Review : Evil Dead Rise

Evil Dead is one of those movie trilogies that holds a certain place in my heart. The over-the-top visceral effects, blood for days, a truly horrifying premise and a charismatic lead that set it above so many other horror movies and started my man crush on the one and only Bruce Campbell. Helming the originals was Sam Rami and his unique style has been sought after ever since, yet does Evil Dead Rise benefit from his and Campbell’s involvement as producers? Let’s dive in and take a look.

After an absolute belting of an opening Evil Dead Rise quickly settles into its rhythm taking heavily from its predecessors. We swap out an isolated cabin in the woods for a run-down apartment block in the city on a stormy night. Guitar Tech (not groupie) Beth (Lily Sullivan) shows up on her sister’s doorstep looking for some help and guidance. Unknown to Beth, her sister Ellie (Alyssa Sutherland) has some troubles of her own to deal with, a husband who has left her and their three children and trying to find a new place to live after their apartment complex has been condemned.   

After Ellie sends Danny, Bridget and Kassie off to pick up pizza while she and Beth catch up, the area is hit by an earthquake opening up a previously forgotten room under the building. Danny (Morgan Davies) , thinking there might be something valuable in the room, crawls in to investigate and finds none other than the Necronomicon. For those new to the series the Necronomicon is central to all that happens in the Evil Dead world. Bound in human flesh and written in blood the Necronomicon holds incantations on how to summon the chaotic Deadites.  

My head shaking began here as all those memories of Evil Dead’s past came flooding back. With the Necronomicon were the vinyl records containing the translation of the incantations and somehow Danny, a prospective DJ, had equipment on hand to play them.

Evil Dead holds a special place in the horror genre. There has not been one critically panned outing as yet in forty-plus years and Evil Dead Rise is no different. It is no secret now that the community at large loves it, and rightfully so. It is a good, fun outing befitting the franchise and yet it still left me a little flat by the end of it. I don’t have anything bad to say about the movie directly but it is missing something, I have a theory on what it is but more on that later.

From the moment we hear the Necronomicon being read out loud the entire pace of the movie shifts up a gear. Thanks to the booming sound and carefully shot moments it elevates your heart rate getting you ready for what is about to come. Sound is one of the most important parts of a horror movie and Sam Rami has always used it to great effect. His influence is felt with the booming bass resonating through your body at every turn.

Alyssa Sutherland’s performance as the infected mother is terrifying as she plays off the innocence of her children and builds a character that switches from a loving mother to her Deadite version out to cause complete carnage and chaos. Some of her best moments were only small blink and you’ll miss them but important in portraying that fear the whole family was witnessing.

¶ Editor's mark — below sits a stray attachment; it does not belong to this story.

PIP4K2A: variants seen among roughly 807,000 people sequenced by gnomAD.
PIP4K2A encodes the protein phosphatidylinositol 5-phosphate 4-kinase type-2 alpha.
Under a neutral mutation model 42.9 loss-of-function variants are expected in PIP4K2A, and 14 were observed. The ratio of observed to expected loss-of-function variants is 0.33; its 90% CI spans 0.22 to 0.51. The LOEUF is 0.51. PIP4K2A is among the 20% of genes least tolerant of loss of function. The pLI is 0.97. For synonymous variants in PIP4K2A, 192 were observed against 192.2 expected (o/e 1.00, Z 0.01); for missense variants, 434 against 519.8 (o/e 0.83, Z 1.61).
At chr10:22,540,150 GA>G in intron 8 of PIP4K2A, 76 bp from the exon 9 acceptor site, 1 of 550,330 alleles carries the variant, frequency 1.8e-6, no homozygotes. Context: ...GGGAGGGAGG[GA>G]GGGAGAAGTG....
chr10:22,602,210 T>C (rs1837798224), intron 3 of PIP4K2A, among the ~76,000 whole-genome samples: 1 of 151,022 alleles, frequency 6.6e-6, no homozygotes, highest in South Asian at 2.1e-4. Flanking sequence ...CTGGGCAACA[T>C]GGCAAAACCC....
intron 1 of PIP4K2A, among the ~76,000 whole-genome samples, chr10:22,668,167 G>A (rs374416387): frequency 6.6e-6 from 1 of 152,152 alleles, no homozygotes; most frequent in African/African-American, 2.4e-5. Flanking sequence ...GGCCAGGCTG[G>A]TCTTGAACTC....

The introduction of children into the mix I thought would soften things somewhat but with Danny and Bridget (Gabrielle Echols) being older teens they were not spared any of the gore and looked like they had a blast filming some of the scenes. Thankfully the youngest Kassie (Nell Fisher) was spared some of the more intense moments but she holds her own and steals the show in some moments getting the most laughs.  

 Director Lee Cronin does his best in trying to capture some of the magic from Rami’s original trilogy with some well-timed lighter moments that had the cinema cracking up but ultimately Rise was closer in tone to 2013’s Evil Dead “reboot”. Moments were projected well in advance and some scenes even felt shot for shot with other movies within the same field. It’s a very fine line between tried and trusted and the same old thing. Evil Dead Rise unfortunately steps into both camps a little too often.

Evil Dead Rise is by no means a bad movie. Its setting and tone are very Evil Dead, visually it is full of the bloody violent moments the Deadites are known to bring and the actors are all in their element putting in brilliant performances and yet ultimately, it still felt incredibly predictable.

Evil Dead Rise will give you the thrill we all need from a good horror movie but fans of the originals may be left wanting a whole lot more. I miss the charisma that Bruce Campbell brought to the role of Ash Williams. If Evil Dead is to try and become some kind of legacy we need strong characters that we can get behind not just cannon fodder for the Deadites to feed on. This isn’t a slight on anyone’s portrayal, but there is a difference between standing up to, and reacting out of fear. 

Evil Dead Rise is out in cinemas in Australia on April 20th and is well worth the visit, if even just to watch the squirms of those around you. 

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